Ilse on timeless design for a sustainable life at home
A candle holder, a vase, or a plant pot is all about their utility for many people. And quite often, we don’t think too much about them. But then how about having a candle holder, a vase or a plant pot that not only serves its purpose but is also so beautiful that we never want to replace it. We sat down with British designer Ilse Crawford to know more about her new creations in collaboration with IKEA, which promise to be timeless, beautiful and reflect who we are.
Ilse is speaking from experience. In 2015, IKEA launched SINNERLIG – the first-ever designer collaboration. The SINNERLIG pendant lamp is still in production and has become an icon product and continues to be a popular part of the IKEA range.
“Ilse Crawford challenges us as IKEA and as a team. Inspired by her design principles and aesthetics, together we can create something meaningful, that’s why we collaborate,” says Karin Gustavsson, Range and Design Leader at IKEA.
Create a world of your own
Creating things for the life at home has been Ilse’s talent since she was a child. She calls her childhood the first “school of arts”. Growing up with five siblings in England, Ilse’s says her mother encouraged her to make things with her own hands and create a world of her own.
“It was always our default. She was a very creative person, always making things. And that’s how we grew up making things. I grew up believing that if we wanted new wallpaper, we could paint them on our own. It’s always open to us to make our world,” says Ilse.
The SINNERLIG pendant lamp.
The accessories that she is creating with IKEA now are meant to help us personalize our homes – our own little world – with small bits designed in a classic, sustainable, and timeless way that are affordable too.
“Through our products, we aspire to make everyday life at home special. We tend to focus a lot on materiality and tactility and create products that are so appealing that you wouldn’t want to throw them away,” she adds.
Centre around human needs
Ilse’s designs centre around human needs and the meaning of things. For example, when designing for a home, she and her team at Studioilse focus on the everyday activities, no matter how small, of the people using that space. So, if one loves flowers, the new collection has vases that will elevate the flowers. But without the flowers too, the vase will continue to be equally aesthetically appealing because it is designed so beautifully.
“Design is a way of embedding values, not a price tag. I love those things that when you show them to people, they wouldn’t know whether it costs £5 or £50. I love that moment when they get a bit confused because, in the end, design is universal.”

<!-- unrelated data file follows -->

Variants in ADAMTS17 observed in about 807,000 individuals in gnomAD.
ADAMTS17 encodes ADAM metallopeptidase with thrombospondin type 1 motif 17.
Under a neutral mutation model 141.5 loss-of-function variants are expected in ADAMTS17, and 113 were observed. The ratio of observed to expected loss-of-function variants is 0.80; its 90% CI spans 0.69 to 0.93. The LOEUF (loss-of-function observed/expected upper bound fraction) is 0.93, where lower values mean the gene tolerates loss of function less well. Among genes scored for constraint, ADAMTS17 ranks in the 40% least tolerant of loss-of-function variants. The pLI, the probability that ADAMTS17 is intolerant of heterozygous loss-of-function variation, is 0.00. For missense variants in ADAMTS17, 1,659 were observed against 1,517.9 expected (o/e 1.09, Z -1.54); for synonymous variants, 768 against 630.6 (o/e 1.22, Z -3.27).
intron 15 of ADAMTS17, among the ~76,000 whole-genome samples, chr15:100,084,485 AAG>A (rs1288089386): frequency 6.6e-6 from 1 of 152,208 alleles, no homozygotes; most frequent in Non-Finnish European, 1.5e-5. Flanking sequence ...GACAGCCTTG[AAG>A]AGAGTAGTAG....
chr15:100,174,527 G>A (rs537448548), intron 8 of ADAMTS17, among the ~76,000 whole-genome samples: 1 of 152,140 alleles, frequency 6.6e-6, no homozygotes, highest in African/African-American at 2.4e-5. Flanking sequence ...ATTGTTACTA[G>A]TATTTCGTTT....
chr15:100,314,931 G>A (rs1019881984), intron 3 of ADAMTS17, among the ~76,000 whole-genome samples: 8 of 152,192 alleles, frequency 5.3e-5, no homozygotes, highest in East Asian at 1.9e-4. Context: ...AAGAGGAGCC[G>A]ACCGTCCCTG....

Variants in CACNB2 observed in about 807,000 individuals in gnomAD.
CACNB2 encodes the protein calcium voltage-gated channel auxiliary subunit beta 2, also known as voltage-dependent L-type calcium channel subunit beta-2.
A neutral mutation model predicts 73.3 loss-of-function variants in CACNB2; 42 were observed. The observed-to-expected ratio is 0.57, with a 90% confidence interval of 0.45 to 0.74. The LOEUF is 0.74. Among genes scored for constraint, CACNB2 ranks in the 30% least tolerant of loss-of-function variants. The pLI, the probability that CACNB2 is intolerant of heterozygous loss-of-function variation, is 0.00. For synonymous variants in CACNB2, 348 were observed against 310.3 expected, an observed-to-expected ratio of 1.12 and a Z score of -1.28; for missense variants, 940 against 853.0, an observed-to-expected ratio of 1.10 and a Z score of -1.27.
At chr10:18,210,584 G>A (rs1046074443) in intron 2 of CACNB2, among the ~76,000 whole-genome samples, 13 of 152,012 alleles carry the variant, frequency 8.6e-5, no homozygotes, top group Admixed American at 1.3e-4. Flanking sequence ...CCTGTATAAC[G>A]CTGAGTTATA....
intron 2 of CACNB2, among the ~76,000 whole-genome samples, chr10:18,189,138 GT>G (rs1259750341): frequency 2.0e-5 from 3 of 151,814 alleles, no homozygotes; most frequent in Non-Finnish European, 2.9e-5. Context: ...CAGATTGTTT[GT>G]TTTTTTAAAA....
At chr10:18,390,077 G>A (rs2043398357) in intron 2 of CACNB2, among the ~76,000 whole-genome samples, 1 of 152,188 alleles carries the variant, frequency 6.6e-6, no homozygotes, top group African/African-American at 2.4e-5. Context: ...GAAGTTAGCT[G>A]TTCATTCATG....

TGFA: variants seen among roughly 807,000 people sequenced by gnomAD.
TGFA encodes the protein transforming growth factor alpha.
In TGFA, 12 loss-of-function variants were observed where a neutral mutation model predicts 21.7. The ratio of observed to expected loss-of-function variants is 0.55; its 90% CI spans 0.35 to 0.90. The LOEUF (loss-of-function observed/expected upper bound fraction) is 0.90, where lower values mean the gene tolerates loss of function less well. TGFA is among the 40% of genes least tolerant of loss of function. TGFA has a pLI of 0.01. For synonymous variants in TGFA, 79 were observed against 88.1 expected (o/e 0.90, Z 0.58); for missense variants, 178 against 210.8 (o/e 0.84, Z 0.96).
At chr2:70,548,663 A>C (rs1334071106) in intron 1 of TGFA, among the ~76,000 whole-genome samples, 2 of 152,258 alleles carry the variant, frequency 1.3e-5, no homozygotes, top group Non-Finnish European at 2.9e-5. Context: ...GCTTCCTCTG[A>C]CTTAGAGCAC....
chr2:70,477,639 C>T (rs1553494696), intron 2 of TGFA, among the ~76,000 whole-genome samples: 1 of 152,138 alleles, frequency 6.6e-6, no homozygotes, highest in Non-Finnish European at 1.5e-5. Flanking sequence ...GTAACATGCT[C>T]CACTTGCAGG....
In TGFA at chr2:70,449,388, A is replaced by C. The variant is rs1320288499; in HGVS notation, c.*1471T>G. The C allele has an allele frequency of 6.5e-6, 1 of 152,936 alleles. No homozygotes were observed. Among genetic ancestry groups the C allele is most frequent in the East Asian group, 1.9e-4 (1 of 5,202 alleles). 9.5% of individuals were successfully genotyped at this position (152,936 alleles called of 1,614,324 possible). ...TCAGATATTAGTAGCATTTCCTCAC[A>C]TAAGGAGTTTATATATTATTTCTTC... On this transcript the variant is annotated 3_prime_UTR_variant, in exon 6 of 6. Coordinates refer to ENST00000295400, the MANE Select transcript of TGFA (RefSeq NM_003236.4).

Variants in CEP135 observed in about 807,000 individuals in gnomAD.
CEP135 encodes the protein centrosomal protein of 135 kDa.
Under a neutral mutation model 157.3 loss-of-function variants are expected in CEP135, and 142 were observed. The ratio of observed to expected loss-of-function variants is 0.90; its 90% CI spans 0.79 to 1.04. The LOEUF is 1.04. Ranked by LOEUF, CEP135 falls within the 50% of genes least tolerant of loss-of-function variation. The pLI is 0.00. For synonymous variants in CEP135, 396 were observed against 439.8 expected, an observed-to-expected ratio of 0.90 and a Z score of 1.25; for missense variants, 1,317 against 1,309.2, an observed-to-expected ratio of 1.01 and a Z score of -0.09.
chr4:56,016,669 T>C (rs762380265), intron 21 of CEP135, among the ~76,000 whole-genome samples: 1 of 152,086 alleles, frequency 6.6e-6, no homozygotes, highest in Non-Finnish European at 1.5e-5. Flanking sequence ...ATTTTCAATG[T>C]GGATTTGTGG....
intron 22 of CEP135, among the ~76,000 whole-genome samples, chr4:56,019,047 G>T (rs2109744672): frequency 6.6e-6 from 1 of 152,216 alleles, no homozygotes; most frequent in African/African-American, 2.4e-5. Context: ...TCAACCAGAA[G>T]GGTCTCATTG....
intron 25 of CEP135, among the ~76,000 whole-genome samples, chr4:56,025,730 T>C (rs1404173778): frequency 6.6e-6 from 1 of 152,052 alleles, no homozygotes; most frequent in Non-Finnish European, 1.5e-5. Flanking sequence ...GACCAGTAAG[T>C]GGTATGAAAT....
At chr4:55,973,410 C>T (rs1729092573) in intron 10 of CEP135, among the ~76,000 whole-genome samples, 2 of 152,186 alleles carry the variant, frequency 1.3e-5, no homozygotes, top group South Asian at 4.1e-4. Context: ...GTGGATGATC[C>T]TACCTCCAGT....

Sustainability is also a consideration in the products Ilse is designing together with IKEA, not just their life span. Ilse aims to use responsible and sustainable materials while marrying them with high-quality designs.
“We are proud of the fact that 50 per cent of the range is in recycled glass and unglazed terracotta, both fully sustainable materials, for vases and candle holders, and plant pots” says Ilse.
To be sure, her studio had several of them on the day we met her digitally.
“Both IKEA and Ilse Crawford strive for creating more sustainable products. For IKEA, sustainability is one of the five dimensions of Democratic Design – the way we develop products as IKEA – which makes it an integrated part of product development. One concrete example from the upcoming range is the beautiful vases, where we worked with recycled glass from the glass industry,” says Karin.
What makes for a good interior design, according to you?
“In my view, good interiors are well-lived-in spaces because they reflect and support the people who live there. Our role is often to help people understand how they live and sometimes even to figure out how the life of a family or the couple fits into a space together in a way that makes sense. Sometimes it’s advantageous to have somebody to get you thinking – how do you live in your home, or what are the things you touch or use every day? Sometimes things don’t add up because we aren’t honest with ourselves about how we really live and the things that matter to us,” says Ilse.
Designer products have a bit of exclusivity. How will you marry that with the IKEA value of ‘for the many people’?
“I feel it’s unfortunate that that design has been treated as a synonym for exclusivity. I don’t think that’s what it is. I think of design as an approach. It’s a verb, not a noun. We have done many projects – community kitchen, health centre, extremely high-end projects – but our approach never changes. The context and the budgets vary, but our approach is the design methodology and our desire to embed humanity in all our work.
With IKEA, we have shared values, a humanistic approach, and a passion for design. IKEA brings economies of scale. If something is made in ones and twos, they would be prohibitively expensive. But with IKEA, it is interesting to see how we can create affordable, useful, beautiful, timeless things at a large scale and sustainably. It is possible,” says Ilse.
How does sustainability fit into your designs?
“We are trying to ensure that these products are not just better in terms of aesthetics, usability and elevate interiors but are also superior in terms of the materials and sustainability. Alongside responsible materials and manufacturing, design is what will make the difference. If people want to keep these products and love them, that is sustainable. Disposability is a mindset,” says Ilse.
The first results from this collaboration will be in stores in October 2021. IKEA will launch more products over time.